Cultural autonomy for Okinawa

In his Aug. 10/11 letter, “Real contribution of U.S. bases,” Robert Eldridge claims that the U.S. military’s presence is much larger than the “official” 4 to 5 percent of Okinawan gross domestic income. He does not provide any statistics or basis for that assertion, but claims that his estimates show up to five times that amount.

The fact is that the official numbers are a much better way to assess the economic impact of the bases than his vague and unsupported assertions. His “own experiences” seem a very weak method on which to make a judgment. The infrastructural development of Okinawa since the end of World War II is also a poor basis for arguing that the U.S. military should continue to have a presence on the Okinawan islands, as the rest of Japan seems to get along just fine without the aid of the U.S. military.

His other excuse for the continued occupation of Okinawa against the will of the Okinawan people is that Japan enjoys lower defense costs thanks to the contributions of the U.S. military. This is a dubious claim at best, since Japan is one of the world’s highest military spenders already, and its Self-Defense Forces are fully capable of providing for Japan’s defense needs.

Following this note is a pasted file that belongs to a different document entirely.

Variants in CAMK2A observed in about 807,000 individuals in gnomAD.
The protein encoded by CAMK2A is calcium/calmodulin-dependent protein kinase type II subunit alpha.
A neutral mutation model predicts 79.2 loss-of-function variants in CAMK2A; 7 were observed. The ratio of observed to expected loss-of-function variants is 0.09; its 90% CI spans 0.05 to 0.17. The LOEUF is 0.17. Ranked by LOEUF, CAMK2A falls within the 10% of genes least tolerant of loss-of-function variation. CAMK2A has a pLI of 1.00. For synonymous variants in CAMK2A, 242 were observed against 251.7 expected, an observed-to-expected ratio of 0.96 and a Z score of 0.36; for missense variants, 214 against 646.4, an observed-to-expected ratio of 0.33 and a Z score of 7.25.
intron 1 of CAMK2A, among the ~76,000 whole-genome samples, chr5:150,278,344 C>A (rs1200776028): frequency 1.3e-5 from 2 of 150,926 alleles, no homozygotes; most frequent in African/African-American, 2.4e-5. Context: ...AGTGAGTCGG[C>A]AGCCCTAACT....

Eldridge ends his letter by appealing to the relationship between U.S. military members and the Okinawan community. The individual desires of U.S. military members in Okinawa should not take precedence over the Okinawan people’s aspirations for political, military and cultural autonomy.

If the U.S. government, or the government in Tokyo, really cared about the Okinawan people, it would enable them to make full use of Okinawa’s islands, instead of continuing to make apologies for America’s hegemonic and Tokyo’s bureaucratic disregard for the rights and freedom of the Okinawan people.

timothy bedwell
tokorozawa, saitama

The opinions expressed in this letter to the editor are the writer’s own and do not necessarily reflect the policies of The Japan Times.